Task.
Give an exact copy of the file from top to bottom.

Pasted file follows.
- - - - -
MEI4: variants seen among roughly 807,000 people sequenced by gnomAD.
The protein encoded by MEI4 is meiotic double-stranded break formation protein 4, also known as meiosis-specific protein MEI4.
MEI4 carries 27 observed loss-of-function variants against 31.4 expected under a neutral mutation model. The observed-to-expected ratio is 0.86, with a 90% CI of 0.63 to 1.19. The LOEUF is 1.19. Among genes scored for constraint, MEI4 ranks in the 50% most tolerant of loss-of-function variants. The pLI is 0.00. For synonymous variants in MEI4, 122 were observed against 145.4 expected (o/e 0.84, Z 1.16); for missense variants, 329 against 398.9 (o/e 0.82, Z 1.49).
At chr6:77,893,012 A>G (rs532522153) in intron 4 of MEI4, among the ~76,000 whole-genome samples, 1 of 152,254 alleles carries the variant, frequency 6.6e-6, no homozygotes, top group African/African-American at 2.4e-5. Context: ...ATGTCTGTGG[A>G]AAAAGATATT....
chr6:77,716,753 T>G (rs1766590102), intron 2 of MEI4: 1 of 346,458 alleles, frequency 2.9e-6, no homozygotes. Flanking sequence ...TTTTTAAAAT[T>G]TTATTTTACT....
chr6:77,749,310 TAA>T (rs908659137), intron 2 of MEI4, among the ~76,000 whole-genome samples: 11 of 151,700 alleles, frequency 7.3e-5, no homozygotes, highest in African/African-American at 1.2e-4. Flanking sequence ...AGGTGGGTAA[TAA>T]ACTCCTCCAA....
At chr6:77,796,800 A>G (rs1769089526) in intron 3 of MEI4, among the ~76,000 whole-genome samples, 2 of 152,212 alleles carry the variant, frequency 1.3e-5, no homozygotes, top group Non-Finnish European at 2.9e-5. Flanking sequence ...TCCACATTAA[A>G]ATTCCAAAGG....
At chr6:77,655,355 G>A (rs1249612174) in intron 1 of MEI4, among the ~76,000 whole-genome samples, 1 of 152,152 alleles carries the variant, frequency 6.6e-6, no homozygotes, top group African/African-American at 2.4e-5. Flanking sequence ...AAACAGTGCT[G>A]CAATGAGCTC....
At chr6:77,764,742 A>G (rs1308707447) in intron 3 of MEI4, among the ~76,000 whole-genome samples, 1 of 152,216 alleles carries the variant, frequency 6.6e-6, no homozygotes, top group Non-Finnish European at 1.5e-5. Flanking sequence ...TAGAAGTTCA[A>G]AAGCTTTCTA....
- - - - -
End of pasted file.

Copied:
MEI4: variants seen among roughly 807,000 people sequenced by gnomAD.
The protein encoded by MEI4 is meiotic double-stranded break formation protein 4, also known as meiosis-specific protein MEI4.
MEI4 carries 27 observed loss-of-function variants against 31.4 expected under a neutral mutation model. The observed-to-expected ratio is 0.86, with a 90% CI of 0.63 to 1.19. The LOEUF is 1.19. Among genes scored for constraint, MEI4 ranks in the 50% most tolerant of loss-of-function variants. The pLI is 0.00. For synonymous variants in MEI4, 122 were observed against 145.4 expected (o/e 0.84, Z 1.16); for missense variants, 329 against 398.9 (o/e 0.82, Z 1.49).
At chr6:77,893,012 A>G (rs532522153) in intron 4 of MEI4, among the ~76,000 whole-genome samples, 1 of 152,254 alleles carries the variant, frequency 6.6e-6, no homozygotes, top group African/African-American at 2.4e-5. Context: ...ATGTCTGTGG[A>G]AAAAGATATT....
chr6:77,716,753 T>G (rs1766590102), intron 2 of MEI4: 1 of 346,458 alleles, frequency 2.9e-6, no homozygotes. Flanking sequence ...TTTTTAAAAT[T>G]TTATTTTACT....
chr6:77,749,310 TAA>T (rs908659137), intron 2 of MEI4, among the ~76,000 whole-genome samples: 11 of 151,700 alleles, frequency 7.3e-5, no homozygotes, highest in African/African-American at 1.2e-4. Flanking sequence ...AGGTGGGTAA[TAA>T]ACTCCTCCAA....
At chr6:77,796,800 A>G (rs1769089526) in intron 3 of MEI4, among the ~76,000 whole-genome samples, 2 of 152,212 alleles carry the variant, frequency 1.3e-5, no homozygotes, top group Non-Finnish European at 2.9e-5. Flanking sequence ...TCCACATTAA[A>G]ATTCCAAAGG....
At chr6:77,655,355 G>A (rs1249612174) in intron 1 of MEI4, among the ~76,000 whole-genome samples, 1 of 152,152 alleles carries the variant, frequency 6.6e-6, no homozygotes, top group African/African-American at 2.4e-5. Flanking sequence ...AAACAGTGCT[G>A]CAATGAGCTC....
At chr6:77,764,742 A>G (rs1308707447) in intron 3 of MEI4, among the ~76,000 whole-genome samples, 1 of 152,216 alleles carries the variant, frequency 6.6e-6, no homozygotes, top group Non-Finnish European at 1.5e-5. Flanking sequence ...TAGAAGTTCA[A>G]AAGCTTTCTA....